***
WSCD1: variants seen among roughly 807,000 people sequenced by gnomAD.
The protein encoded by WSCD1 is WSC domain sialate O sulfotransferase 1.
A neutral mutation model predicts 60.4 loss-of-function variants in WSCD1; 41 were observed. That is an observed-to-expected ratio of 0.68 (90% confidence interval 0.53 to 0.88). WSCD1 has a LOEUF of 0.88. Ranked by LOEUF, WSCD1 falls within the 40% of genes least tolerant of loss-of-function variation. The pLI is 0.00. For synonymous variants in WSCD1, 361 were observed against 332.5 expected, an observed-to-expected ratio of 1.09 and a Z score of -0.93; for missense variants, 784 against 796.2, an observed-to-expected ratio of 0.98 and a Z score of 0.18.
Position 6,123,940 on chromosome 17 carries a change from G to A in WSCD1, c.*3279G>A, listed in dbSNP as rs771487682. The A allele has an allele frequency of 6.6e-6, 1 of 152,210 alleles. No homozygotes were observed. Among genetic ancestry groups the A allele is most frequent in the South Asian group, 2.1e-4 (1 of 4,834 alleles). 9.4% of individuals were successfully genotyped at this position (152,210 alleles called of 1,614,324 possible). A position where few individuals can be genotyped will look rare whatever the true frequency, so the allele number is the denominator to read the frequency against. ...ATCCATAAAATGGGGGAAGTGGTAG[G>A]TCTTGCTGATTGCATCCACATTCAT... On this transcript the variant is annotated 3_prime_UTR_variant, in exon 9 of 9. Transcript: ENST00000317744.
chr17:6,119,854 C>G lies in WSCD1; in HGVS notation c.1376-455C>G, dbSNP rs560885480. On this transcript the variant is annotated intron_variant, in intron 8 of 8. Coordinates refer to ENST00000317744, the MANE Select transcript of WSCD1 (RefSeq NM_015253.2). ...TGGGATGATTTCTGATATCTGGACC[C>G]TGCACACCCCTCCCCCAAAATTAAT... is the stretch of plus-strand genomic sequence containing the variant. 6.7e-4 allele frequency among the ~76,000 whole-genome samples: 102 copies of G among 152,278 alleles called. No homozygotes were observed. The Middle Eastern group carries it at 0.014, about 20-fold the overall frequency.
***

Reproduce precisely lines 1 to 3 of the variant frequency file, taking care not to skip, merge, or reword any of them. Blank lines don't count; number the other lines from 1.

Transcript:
WSCD1: variants seen among roughly 807,000 people sequenced by gnomAD.
The protein encoded by WSCD1 is WSC domain sialate O sulfotransferase 1.
A neutral mutation model predicts 60.4 loss-of-function variants in WSCD1; 41 were observed. That is an observed-to-expected ratio of 0.68 (90% confidence interval 0.53 to 0.88). WSCD1 has a LOEUF of 0.88. Ranked by LOEUF, WSCD1 falls within the 40% of genes least tolerant of loss-of-function variation. The pLI is 0.00. For synonymous variants in WSCD1, 361 were observed against 332.5 expected, an observed-to-expected ratio of 1.09 and a Z score of -0.93; for missense variants, 784 against 796.2, an observed-to-expected ratio of 0.98 and a Z score of 0.18.